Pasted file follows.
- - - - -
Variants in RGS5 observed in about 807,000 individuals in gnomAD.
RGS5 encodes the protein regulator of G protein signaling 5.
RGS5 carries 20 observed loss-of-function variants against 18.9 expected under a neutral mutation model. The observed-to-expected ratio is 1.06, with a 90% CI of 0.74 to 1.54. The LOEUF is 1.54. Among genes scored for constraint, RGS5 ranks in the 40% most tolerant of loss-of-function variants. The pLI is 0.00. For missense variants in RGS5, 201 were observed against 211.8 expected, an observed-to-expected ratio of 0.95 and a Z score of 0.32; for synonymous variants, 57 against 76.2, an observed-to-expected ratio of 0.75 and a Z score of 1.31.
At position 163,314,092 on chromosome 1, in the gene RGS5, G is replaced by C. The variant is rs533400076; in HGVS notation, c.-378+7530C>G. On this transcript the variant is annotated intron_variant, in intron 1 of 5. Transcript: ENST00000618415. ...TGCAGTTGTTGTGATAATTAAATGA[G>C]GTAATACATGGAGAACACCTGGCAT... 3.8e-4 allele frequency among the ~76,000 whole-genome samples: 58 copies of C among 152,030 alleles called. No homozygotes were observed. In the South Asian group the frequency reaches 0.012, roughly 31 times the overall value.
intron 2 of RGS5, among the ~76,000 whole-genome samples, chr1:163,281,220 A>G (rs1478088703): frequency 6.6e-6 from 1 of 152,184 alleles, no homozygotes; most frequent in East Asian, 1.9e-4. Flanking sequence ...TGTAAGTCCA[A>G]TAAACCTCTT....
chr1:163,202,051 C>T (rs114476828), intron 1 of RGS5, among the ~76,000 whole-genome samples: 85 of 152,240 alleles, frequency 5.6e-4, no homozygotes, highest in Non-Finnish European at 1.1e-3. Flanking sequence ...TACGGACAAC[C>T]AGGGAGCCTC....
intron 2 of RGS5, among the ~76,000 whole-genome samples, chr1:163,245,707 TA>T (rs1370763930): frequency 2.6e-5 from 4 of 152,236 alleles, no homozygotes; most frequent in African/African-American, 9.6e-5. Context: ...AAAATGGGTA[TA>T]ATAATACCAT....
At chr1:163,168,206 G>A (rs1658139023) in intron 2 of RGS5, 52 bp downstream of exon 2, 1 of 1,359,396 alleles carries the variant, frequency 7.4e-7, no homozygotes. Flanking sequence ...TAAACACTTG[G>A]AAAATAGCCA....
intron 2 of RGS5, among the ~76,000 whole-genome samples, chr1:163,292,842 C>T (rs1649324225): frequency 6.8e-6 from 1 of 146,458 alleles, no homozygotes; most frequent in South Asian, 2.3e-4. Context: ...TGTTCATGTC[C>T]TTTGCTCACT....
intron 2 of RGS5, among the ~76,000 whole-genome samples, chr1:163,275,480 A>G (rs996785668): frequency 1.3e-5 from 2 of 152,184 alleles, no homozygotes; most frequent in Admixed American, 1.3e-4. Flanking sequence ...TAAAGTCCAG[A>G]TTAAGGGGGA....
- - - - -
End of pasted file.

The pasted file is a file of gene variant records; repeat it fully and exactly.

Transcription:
Variants in RGS5 observed in about 807,000 individuals in gnomAD.
RGS5 encodes the protein regulator of G protein signaling 5.
RGS5 carries 20 observed loss-of-function variants against 18.9 expected under a neutral mutation model. The observed-to-expected ratio is 1.06, with a 90% CI of 0.74 to 1.54. The LOEUF is 1.54. Among genes scored for constraint, RGS5 ranks in the 40% most tolerant of loss-of-function variants. The pLI is 0.00. For missense variants in RGS5, 201 were observed against 211.8 expected, an observed-to-expected ratio of 0.95 and a Z score of 0.32; for synonymous variants, 57 against 76.2, an observed-to-expected ratio of 0.75 and a Z score of 1.31.
At position 163,314,092 on chromosome 1, in the gene RGS5, G is replaced by C. The variant is rs533400076; in HGVS notation, c.-378+7530C>G. On this transcript the variant is annotated intron_variant, in intron 1 of 5. Transcript: ENST00000618415. ...TGCAGTTGTTGTGATAATTAAATGA[G>C]GTAATACATGGAGAACACCTGGCAT... 3.8e-4 allele frequency among the ~76,000 whole-genome samples: 58 copies of C among 152,030 alleles called. No homozygotes were observed. In the South Asian group the frequency reaches 0.012, roughly 31 times the overall value.
intron 2 of RGS5, among the ~76,000 whole-genome samples, chr1:163,281,220 A>G (rs1478088703): frequency 6.6e-6 from 1 of 152,184 alleles, no homozygotes; most frequent in East Asian, 1.9e-4. Flanking sequence ...TGTAAGTCCA[A>G]TAAACCTCTT....
chr1:163,202,051 C>T (rs114476828), intron 1 of RGS5, among the ~76,000 whole-genome samples: 85 of 152,240 alleles, frequency 5.6e-4, no homozygotes, highest in Non-Finnish European at 1.1e-3. Flanking sequence ...TACGGACAAC[C>T]AGGGAGCCTC....
intron 2 of RGS5, among the ~76,000 whole-genome samples, chr1:163,245,707 TA>T (rs1370763930): frequency 2.6e-5 from 4 of 152,236 alleles, no homozygotes; most frequent in African/African-American, 9.6e-5. Context: ...AAAATGGGTA[TA>T]ATAATACCAT....
At chr1:163,168,206 G>A (rs1658139023) in intron 2 of RGS5, 52 bp downstream of exon 2, 1 of 1,359,396 alleles carries the variant, frequency 7.4e-7, no homozygotes. Flanking sequence ...TAAACACTTG[G>A]AAAATAGCCA....
intron 2 of RGS5, among the ~76,000 whole-genome samples, chr1:163,292,842 C>T (rs1649324225): frequency 6.8e-6 from 1 of 146,458 alleles, no homozygotes; most frequent in South Asian, 2.3e-4. Context: ...TGTTCATGTC[C>T]TTTGCTCACT....
intron 2 of RGS5, among the ~76,000 whole-genome samples, chr1:163,275,480 A>G (rs996785668): frequency 1.3e-5 from 2 of 152,184 alleles, no homozygotes; most frequent in Admixed American, 1.3e-4. Flanking sequence ...TAAAGTCCAG[A>G]TTAAGGGGGA....